Research Proposal: Nevada History

Pages: 3 (1081 words)  ·  Style: MLA  ·  Bibliography Sources: 2  ·  Level: College Senior  ·  Topic: Native Americans  ·  Buy This Paper

Nevada History

I first heard about Sarah Winnemucca while attending a seminar on prominent Native American women. Already interested in the "wild west," I thought that visiting Nevada during the late nineteenth century would be an optimal way for me to see first hand what Native American relations were like. I also wanted to see for myself what one Native American woman might be able to accomplish in spite of both her gender and her ethnicity. Because Sarah Winnemucca was drawing quite a following around the United States I decided to first hear her speak on the East coast, in Boston in 1883. Winnemucca was adept at public speaking, and I thought it would be important to hear her speak before meeting her in person and seeing what her impact on the state of Nevada was when she started the school for Native American children in 1884. When I saw her speak in Boston, she was with her husband Lewis H. Hopkins. Winnemucca and Hopkins met in San Francisco, and the two of them were on a lecture circuit together. While on the circuit, Winnemucca delivered about three hundred lectures related to Native American experiences, rights and relations (Library of Congress). Her impact was especially poignant in Nevada, so I spent the rest of my weeklong sojourn in Sarah Winnemucca's home state.

Sarah Winnemucca was a member of the Northern Paiute tribe, the son of Chief Winnemucca. According to the Library of Congress, Winnemucca was born in the Humbolt River and Pyramid Lakes area of western Nevada. Thus, I was determined to visit the place of her birth in order to see where she came from and to interact with some of the Paite people who might have known Sarah in her youth. Her Paiute name was Thocmetony, meaning Shell Flower. I learned that Sarah became one of only two Paiutes in Nevada who could read, write, and speak English (Library of Congress). Her being a bridge between Native Americans and the settlers stemmed partly from the work of her grandfather Chief Truckee. Chief Truckee encouraged Sarah to pursue a career in translation working for the United States Army because he had worked for many years with John C. Fremont in local cartography expeditions.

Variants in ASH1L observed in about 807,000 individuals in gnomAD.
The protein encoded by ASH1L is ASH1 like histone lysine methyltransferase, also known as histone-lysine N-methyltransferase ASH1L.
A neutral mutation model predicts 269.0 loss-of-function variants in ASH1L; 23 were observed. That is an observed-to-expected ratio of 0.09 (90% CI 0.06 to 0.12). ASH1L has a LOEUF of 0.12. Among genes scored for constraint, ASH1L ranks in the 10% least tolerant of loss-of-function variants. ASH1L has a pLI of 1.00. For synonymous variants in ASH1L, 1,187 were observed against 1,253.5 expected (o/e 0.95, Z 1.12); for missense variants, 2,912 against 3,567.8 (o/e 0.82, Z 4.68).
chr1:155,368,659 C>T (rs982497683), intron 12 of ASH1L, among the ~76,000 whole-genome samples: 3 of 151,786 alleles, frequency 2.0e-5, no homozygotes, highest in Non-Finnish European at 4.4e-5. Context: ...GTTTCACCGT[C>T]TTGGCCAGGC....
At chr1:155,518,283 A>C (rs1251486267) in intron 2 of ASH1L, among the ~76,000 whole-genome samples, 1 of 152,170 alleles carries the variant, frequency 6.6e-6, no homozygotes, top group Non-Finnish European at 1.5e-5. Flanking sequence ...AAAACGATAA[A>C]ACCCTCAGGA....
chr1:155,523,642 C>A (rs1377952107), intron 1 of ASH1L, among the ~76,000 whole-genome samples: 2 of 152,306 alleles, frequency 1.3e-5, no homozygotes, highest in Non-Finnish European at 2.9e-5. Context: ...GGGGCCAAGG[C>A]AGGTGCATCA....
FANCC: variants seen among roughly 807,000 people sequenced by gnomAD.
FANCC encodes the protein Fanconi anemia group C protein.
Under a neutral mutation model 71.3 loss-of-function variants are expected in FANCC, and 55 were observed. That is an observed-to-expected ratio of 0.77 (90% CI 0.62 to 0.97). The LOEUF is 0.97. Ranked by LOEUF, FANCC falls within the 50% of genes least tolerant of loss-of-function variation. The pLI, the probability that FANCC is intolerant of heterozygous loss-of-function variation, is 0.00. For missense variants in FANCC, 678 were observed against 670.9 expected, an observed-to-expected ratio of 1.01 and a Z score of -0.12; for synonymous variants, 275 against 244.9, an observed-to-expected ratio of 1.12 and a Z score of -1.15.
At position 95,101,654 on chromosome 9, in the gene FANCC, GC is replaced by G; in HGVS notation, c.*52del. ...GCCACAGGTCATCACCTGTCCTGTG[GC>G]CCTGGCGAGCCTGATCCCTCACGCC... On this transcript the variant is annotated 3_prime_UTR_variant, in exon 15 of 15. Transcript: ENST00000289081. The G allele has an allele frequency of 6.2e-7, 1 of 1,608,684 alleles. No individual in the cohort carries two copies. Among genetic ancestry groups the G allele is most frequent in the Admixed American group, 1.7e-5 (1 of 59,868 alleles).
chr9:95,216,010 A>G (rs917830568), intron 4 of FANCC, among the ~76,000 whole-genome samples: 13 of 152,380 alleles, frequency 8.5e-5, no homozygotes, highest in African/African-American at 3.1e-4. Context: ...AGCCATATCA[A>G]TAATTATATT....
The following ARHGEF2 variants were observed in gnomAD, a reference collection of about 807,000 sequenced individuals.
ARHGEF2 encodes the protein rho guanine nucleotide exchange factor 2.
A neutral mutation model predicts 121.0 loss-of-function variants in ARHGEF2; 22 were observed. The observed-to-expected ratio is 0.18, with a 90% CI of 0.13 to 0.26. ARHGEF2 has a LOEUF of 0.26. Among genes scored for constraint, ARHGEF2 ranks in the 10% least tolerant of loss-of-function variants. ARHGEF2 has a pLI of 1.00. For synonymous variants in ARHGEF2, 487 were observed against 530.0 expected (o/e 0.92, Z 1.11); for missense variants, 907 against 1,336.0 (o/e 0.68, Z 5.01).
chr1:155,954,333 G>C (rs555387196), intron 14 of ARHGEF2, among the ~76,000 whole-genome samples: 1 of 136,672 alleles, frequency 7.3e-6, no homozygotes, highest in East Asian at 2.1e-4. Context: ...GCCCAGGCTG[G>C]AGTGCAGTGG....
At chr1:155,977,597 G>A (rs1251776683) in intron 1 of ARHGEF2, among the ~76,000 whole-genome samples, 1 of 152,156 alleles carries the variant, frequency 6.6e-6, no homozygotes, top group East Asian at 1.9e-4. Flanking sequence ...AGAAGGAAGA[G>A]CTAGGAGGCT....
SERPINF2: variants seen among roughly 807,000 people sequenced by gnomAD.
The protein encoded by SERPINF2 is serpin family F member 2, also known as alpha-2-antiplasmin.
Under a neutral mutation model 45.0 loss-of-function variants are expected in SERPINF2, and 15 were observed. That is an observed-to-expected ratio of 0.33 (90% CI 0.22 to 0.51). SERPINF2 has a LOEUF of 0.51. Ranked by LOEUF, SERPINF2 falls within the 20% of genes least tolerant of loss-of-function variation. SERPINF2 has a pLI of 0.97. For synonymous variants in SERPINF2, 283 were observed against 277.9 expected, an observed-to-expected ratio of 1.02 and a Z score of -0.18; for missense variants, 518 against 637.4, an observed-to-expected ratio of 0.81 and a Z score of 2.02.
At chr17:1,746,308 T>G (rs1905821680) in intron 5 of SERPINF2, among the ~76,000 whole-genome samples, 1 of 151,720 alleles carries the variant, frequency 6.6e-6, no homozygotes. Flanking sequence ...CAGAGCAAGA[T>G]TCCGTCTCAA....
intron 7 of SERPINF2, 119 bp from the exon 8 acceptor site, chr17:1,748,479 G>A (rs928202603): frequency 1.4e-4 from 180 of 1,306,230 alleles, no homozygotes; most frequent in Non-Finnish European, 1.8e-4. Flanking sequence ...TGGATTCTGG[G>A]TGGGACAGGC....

The Paiute people I met on my first and second days in Nevada knew Sarah and her family. Each person noted that they admired the work of the Winnemuccas, and hoped that they could pave the way for improved relations between Native peoples and the settlers. One of the Paiutes gave me a copy of Sarah's newly published book, Life Among the Piutes: Their Wrongs and Claims, as a gift. The book detailed broken promises made to the Paiute tribe, and contained much of the lecture material I heard Winnemucca speak of in Boston.

On my third day in Nevada, I was excited to meet Sarah Winnemucca herself. Sarah was dressed in her traditional garb and was gregarious and passionate when she spoke about the issues that mattered most to her: the plight of the Paiute people. Sarah told me that "the white emigration west continued to encroach on Paiute territory," and that "whites insisted on moving all Indians onto reservations," ("Sarah Winnemucca"). The Paiutes, Sarah… [END OF PREVIEW]

Lake Tahoe Relate to Nevada History Research Paper


Nevada, WW2 During World War II Essay


History of Prostitution Term Paper


Gold Rush Term Paper


History of the Legal Aspects of Land Surveying Research Paper


View 268 other related papers  >>

Cite This Research Proposal:

APA Format

Nevada History.  (2009, April 24).  Retrieved September 20, 2019, from https://www.essaytown.com/subjects/paper/nevada-history/4751469

MLA Format

"Nevada History."  24 April 2009.  Web.  20 September 2019. <https://www.essaytown.com/subjects/paper/nevada-history/4751469>.

Chicago Format

"Nevada History."  Essaytown.com.  April 24, 2009.  Accessed September 20, 2019.
https://www.essaytown.com/subjects/paper/nevada-history/4751469.